In terms of saddle bags, this also depends on the length of your trip. There are some good ones that attach to the back/front of the saddle that are small and have good capacity. You can also get a larger pannier type for the longer journey but with these you need to weigh the items so the panniers are well balanced and it keeps the horse balanced to prevent you going round in circles again! I keep a list of what went where so I know roughly how to maintain it. For much longer trips you can take a packhorse with purpose made panniers. There are quite a few on the international market, but it is difficult finding them within the UK market. The weight distribution is really important as is the padding to prevent sores.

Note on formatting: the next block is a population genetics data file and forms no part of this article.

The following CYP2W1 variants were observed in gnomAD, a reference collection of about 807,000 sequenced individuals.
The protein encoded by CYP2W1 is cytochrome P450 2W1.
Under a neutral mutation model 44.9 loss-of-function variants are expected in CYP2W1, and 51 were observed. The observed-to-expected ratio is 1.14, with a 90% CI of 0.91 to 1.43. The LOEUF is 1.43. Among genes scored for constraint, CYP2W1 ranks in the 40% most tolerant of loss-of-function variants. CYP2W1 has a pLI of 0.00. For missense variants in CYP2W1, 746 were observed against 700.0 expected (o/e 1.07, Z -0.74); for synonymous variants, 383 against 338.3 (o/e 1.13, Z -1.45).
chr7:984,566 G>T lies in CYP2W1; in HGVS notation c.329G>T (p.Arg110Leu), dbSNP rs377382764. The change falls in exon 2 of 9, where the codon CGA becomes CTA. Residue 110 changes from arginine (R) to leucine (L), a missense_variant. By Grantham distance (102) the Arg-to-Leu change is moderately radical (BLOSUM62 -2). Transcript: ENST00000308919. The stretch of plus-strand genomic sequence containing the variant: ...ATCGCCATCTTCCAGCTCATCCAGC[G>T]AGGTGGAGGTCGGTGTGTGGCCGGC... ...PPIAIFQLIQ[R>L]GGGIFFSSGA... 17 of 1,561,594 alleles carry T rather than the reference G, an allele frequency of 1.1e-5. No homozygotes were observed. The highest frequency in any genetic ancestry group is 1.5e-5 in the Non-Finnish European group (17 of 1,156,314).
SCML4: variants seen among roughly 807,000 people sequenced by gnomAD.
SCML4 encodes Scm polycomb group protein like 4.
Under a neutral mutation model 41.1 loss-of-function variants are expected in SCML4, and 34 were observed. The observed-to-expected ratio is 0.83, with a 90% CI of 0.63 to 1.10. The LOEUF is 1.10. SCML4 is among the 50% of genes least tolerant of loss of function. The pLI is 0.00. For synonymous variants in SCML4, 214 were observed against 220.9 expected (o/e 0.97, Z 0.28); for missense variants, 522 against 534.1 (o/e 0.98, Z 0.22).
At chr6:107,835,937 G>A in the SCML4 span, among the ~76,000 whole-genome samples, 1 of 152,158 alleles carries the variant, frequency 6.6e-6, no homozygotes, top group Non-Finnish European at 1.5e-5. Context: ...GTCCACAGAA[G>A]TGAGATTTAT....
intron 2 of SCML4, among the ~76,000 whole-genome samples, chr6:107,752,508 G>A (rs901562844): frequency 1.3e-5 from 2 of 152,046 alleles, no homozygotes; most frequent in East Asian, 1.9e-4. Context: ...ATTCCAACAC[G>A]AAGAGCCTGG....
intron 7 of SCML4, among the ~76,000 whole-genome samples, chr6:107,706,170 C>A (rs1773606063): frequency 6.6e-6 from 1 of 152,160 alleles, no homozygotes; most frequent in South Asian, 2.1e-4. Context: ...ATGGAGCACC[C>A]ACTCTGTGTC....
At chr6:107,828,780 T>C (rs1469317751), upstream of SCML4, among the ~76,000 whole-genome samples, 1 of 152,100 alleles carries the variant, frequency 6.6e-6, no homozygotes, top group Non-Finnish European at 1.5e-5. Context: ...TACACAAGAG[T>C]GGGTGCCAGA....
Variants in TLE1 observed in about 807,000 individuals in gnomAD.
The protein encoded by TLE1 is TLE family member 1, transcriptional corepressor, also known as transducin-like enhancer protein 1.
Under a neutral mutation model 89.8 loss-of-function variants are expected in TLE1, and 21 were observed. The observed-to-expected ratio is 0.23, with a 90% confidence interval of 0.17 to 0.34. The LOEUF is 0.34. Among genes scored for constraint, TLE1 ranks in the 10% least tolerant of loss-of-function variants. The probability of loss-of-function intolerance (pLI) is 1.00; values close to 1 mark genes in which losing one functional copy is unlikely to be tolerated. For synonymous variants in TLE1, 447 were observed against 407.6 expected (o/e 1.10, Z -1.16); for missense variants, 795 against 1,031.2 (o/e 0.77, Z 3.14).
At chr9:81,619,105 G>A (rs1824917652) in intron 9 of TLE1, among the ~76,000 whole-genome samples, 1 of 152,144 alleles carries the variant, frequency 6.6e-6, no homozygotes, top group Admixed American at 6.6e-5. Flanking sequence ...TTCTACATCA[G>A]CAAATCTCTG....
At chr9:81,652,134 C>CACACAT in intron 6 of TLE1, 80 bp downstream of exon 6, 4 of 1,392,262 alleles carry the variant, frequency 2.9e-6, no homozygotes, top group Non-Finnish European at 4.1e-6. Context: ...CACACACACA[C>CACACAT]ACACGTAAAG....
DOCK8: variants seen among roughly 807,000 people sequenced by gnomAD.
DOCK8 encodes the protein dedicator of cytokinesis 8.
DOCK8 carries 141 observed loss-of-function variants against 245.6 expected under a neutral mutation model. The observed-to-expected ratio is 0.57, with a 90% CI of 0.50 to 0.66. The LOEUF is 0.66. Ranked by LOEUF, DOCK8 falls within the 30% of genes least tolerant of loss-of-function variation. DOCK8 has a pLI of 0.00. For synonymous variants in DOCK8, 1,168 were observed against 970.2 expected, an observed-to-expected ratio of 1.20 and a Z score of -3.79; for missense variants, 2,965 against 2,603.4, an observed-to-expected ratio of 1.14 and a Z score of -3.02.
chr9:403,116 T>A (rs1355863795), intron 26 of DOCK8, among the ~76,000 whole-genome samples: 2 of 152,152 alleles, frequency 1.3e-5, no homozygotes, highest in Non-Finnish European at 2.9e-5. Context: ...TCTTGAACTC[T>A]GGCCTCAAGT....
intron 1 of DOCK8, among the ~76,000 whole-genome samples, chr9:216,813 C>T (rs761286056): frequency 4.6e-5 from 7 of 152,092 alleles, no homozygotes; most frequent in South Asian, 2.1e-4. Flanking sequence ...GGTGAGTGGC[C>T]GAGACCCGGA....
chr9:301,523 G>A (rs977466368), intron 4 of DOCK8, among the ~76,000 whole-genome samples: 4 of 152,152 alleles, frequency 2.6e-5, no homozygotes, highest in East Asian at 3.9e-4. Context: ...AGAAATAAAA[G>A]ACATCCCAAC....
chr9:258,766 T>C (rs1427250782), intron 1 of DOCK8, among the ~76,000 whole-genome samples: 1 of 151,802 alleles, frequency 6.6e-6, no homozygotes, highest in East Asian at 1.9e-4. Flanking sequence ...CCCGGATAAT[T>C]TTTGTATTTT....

Start with shorter journeys to get the feel of it and learn from mistakes. If the journey is short it is easier to get help and return home should a problem arise. My Tennessee Walker did her first 100 miles (160kms) of a 260 mile (416kms) journey from South to North Wales and she was very tired from it, so we had to bring her home and fetch my more experienced part-bred Arab who finished the journey, missing a day’s ride in the process. Peruse your map and decide your route and distance, then divide it up into daily distances. If you are booking accommodation you can use the internet to search in those places for your destination. Otherwise wild camping is an alternative but you should still have an idea of where you will stop.